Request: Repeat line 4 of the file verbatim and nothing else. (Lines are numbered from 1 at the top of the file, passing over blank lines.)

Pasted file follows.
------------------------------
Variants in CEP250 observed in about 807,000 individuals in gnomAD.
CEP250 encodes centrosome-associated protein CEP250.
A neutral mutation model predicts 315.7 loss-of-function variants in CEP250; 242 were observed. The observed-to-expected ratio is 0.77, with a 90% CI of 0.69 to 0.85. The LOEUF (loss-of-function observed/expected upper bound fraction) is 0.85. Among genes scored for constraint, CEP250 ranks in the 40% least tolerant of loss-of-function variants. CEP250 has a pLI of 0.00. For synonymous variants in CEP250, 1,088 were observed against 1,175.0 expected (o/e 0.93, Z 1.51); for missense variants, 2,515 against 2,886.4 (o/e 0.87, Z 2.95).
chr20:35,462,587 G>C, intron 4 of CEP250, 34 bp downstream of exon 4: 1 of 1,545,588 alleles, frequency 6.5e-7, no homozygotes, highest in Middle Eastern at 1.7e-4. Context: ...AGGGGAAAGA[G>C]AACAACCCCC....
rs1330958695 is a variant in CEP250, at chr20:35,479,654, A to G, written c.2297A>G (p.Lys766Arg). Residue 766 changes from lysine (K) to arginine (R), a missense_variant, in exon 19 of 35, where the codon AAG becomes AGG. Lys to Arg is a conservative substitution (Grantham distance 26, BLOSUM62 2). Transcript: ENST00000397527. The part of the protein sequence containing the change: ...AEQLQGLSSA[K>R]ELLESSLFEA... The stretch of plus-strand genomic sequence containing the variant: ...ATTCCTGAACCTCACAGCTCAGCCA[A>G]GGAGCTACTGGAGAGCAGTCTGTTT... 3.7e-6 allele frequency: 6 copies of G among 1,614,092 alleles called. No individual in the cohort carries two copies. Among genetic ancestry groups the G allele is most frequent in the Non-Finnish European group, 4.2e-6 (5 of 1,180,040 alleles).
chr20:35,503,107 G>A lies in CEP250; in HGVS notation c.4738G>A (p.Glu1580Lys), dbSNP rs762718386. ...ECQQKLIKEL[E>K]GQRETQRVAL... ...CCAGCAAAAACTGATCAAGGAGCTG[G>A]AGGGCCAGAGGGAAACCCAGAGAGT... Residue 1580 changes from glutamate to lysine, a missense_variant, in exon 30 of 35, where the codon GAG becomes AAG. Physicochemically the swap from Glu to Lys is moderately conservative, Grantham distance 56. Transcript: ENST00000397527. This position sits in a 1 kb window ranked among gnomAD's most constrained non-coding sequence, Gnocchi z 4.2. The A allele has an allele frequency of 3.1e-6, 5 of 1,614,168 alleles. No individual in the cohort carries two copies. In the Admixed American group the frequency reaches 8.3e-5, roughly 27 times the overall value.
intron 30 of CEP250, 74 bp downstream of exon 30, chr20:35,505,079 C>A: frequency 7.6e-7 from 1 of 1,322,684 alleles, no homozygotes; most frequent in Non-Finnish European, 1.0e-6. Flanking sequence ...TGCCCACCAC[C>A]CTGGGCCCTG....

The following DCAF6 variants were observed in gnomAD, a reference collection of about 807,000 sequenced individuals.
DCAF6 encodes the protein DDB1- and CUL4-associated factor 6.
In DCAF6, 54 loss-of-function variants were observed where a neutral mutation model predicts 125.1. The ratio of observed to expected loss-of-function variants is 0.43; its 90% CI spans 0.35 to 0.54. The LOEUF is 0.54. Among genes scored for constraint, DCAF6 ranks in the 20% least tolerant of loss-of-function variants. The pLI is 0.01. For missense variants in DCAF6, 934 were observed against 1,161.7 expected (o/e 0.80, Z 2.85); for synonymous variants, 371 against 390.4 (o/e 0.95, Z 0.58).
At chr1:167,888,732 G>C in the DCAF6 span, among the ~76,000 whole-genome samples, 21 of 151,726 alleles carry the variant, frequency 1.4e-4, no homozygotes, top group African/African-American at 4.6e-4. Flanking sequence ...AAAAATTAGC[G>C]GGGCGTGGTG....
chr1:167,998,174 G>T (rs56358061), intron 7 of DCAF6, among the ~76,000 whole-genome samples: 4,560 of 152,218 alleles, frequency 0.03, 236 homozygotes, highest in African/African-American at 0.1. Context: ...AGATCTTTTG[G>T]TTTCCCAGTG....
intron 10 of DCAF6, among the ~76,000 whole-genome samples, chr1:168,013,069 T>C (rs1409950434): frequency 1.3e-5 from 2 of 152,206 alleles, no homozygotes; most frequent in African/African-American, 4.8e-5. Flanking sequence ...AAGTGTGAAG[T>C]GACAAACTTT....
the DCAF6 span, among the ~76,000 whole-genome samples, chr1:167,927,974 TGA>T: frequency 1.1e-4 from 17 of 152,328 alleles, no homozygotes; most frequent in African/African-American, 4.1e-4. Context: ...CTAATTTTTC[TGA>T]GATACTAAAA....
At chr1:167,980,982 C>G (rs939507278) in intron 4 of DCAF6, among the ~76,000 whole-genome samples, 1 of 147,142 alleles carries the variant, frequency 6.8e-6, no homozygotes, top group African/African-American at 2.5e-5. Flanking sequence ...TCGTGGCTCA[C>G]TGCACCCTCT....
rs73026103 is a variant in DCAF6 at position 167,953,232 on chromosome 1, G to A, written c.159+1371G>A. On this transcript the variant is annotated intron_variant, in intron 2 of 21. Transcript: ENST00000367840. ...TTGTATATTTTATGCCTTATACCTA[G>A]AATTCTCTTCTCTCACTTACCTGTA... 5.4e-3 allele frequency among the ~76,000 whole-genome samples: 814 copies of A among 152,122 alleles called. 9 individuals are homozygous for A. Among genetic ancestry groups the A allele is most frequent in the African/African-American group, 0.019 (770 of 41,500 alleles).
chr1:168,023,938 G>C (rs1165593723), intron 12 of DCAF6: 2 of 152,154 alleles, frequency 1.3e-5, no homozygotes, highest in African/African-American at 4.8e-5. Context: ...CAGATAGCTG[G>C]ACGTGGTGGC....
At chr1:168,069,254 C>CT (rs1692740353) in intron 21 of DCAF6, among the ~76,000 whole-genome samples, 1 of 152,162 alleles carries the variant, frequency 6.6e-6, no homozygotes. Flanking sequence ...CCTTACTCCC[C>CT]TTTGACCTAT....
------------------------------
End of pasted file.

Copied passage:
chr20:35,462,587 G>C, intron 4 of CEP250, 34 bp downstream of exon 4: 1 of 1,545,588 alleles, frequency 6.5e-7, no homozygotes, highest in Middle Eastern at 1.7e-4. Context: ...AGGGGAAAGA[G>C]AACAACCCCC....